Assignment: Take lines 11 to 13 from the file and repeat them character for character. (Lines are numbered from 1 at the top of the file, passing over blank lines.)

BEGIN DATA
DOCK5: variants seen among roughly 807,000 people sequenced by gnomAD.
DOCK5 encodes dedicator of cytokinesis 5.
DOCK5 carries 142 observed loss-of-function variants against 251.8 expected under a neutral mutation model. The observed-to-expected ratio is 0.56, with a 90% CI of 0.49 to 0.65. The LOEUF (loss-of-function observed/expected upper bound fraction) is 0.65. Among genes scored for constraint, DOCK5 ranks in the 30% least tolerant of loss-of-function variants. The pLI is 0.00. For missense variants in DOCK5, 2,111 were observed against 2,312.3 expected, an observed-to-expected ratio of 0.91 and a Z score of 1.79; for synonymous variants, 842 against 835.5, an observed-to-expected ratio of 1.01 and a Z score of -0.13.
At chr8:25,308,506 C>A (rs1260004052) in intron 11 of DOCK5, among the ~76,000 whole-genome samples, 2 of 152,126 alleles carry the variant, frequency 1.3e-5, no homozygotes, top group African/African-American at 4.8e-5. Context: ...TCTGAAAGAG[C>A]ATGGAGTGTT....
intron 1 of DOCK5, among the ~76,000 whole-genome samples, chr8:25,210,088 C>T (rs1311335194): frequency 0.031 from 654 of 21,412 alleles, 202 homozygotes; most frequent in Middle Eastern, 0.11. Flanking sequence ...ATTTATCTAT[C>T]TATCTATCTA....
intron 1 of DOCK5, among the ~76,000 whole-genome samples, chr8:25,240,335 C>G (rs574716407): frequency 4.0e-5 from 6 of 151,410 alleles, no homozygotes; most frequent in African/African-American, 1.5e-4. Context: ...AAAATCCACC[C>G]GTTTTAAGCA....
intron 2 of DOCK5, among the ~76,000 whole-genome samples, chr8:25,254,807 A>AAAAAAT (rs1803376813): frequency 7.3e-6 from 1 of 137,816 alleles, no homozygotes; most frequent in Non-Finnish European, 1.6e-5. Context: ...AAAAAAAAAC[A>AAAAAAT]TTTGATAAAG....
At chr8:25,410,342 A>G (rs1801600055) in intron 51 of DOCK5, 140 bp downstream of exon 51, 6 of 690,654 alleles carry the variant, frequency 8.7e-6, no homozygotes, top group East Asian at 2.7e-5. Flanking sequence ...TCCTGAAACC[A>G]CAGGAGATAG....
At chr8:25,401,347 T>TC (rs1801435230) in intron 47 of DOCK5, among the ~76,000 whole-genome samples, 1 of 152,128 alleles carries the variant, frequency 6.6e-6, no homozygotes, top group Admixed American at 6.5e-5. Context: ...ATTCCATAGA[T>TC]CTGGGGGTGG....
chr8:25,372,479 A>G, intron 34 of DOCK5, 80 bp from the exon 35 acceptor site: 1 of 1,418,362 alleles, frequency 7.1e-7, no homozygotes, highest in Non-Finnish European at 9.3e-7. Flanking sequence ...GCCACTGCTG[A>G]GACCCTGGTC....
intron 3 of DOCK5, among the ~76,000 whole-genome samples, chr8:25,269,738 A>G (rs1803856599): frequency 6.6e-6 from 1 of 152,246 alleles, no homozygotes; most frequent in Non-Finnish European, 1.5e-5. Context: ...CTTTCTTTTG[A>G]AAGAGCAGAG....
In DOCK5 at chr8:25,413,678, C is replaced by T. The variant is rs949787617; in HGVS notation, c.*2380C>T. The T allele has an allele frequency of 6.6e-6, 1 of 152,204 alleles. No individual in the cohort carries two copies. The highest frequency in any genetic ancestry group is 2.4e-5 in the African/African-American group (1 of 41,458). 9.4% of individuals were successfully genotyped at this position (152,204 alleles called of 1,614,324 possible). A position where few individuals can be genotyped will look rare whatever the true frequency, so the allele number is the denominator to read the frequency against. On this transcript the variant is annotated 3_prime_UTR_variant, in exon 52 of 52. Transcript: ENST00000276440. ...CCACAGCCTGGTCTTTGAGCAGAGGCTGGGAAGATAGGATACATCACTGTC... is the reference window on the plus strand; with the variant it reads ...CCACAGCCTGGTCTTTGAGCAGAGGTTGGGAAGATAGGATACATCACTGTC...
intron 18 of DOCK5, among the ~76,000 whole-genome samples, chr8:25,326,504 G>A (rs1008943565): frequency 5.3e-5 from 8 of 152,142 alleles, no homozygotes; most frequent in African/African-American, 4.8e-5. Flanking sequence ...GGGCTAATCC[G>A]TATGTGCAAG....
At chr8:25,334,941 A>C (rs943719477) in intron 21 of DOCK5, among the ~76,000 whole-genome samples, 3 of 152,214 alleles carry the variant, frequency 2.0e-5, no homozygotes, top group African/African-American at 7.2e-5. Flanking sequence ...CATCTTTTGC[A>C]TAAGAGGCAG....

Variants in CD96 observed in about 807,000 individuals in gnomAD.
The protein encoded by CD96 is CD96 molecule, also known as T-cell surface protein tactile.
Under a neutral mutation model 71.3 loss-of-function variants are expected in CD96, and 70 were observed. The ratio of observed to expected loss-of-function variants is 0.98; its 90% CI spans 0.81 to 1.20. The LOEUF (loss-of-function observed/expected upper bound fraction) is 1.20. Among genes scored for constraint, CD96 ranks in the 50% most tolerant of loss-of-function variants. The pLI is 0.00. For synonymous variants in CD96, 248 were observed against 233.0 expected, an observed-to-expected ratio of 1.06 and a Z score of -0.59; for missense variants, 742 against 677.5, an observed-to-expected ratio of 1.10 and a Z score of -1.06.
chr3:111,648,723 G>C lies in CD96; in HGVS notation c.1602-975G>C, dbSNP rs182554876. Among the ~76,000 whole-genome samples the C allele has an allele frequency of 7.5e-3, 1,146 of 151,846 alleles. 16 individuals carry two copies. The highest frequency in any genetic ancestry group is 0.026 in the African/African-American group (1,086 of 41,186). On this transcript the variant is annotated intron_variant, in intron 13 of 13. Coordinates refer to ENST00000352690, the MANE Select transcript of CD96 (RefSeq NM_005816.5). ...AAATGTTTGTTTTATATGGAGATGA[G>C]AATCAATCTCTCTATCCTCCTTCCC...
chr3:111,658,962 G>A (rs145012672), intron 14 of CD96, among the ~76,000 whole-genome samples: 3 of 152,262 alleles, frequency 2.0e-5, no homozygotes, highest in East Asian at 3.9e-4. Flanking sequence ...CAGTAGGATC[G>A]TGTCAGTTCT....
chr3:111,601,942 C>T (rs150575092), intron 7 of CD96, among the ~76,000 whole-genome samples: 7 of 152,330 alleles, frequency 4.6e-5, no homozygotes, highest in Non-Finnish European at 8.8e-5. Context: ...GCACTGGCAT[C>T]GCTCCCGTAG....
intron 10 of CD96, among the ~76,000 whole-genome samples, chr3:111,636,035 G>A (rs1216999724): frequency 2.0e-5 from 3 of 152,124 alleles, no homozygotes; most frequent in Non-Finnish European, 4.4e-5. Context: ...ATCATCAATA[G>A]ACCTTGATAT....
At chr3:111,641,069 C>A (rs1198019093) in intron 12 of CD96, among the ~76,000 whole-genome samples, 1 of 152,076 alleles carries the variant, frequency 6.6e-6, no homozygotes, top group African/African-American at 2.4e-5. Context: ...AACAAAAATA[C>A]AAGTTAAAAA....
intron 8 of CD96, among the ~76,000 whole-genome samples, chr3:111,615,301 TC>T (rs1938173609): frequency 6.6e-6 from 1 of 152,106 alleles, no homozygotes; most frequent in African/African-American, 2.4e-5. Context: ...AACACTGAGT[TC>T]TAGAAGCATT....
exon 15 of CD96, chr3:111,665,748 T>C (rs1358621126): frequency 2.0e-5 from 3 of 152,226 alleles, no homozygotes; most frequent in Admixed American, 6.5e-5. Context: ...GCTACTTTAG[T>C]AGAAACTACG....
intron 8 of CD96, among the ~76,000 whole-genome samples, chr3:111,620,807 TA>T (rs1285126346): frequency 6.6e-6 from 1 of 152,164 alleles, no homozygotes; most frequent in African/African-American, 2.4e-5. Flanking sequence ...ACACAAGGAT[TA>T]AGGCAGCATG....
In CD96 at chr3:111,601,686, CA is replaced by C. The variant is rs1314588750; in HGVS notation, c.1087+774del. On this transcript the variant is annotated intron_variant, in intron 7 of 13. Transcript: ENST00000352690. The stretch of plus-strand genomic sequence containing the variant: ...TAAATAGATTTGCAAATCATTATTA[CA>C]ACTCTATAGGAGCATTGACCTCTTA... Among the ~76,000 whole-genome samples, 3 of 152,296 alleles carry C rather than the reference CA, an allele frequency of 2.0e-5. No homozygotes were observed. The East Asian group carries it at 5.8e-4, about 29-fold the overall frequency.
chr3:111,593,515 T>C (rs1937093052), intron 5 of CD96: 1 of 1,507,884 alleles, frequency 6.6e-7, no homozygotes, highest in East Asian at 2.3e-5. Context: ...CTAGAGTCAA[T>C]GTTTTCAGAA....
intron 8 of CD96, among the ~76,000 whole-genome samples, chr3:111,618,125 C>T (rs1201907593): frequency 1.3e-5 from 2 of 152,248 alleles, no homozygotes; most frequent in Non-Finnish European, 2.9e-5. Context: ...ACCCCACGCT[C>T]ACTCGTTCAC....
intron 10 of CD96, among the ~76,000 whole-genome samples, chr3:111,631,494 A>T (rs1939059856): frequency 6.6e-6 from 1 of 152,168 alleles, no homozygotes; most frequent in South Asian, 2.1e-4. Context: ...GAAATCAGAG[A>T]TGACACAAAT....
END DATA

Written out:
intron 3 of DOCK5, among the ~76,000 whole-genome samples, chr8:25,269,738 A>G (rs1803856599): frequency 6.6e-6 from 1 of 152,246 alleles, no homozygotes; most frequent in Non-Finnish European, 1.5e-5. Context: ...CTTTCTTTTG[A>G]AAGAGCAGAG....
In DOCK5 at chr8:25,413,678, C is replaced by T. The variant is rs949787617; in HGVS notation, c.*2380C>T. The T allele has an allele frequency of 6.6e-6, 1 of 152,204 alleles. No individual in the cohort carries two copies. The highest frequency in any genetic ancestry group is 2.4e-5 in the African/African-American group (1 of 41,458). 9.4% of individuals were successfully genotyped at this position (152,204 alleles called of 1,614,324 possible). A position where few individuals can be genotyped will look rare whatever the true frequency, so the allele number is the denominator to read the frequency against. On this transcript the variant is annotated 3_prime_UTR_variant, in exon 52 of 52. Transcript: ENST00000276440. ...CCACAGCCTGGTCTTTGAGCAGAGGCTGGGAAGATAGGATACATCACTGTC... is the reference window on the plus strand; with the variant it reads ...CCACAGCCTGGTCTTTGAGCAGAGGTTGGGAAGATAGGATACATCACTGTC...
intron 18 of DOCK5, among the ~76,000 whole-genome samples, chr8:25,326,504 G>A (rs1008943565): frequency 5.3e-5 from 8 of 152,142 alleles, no homozygotes; most frequent in African/African-American, 4.8e-5. Flanking sequence ...GGGCTAATCC[G>A]TATGTGCAAG....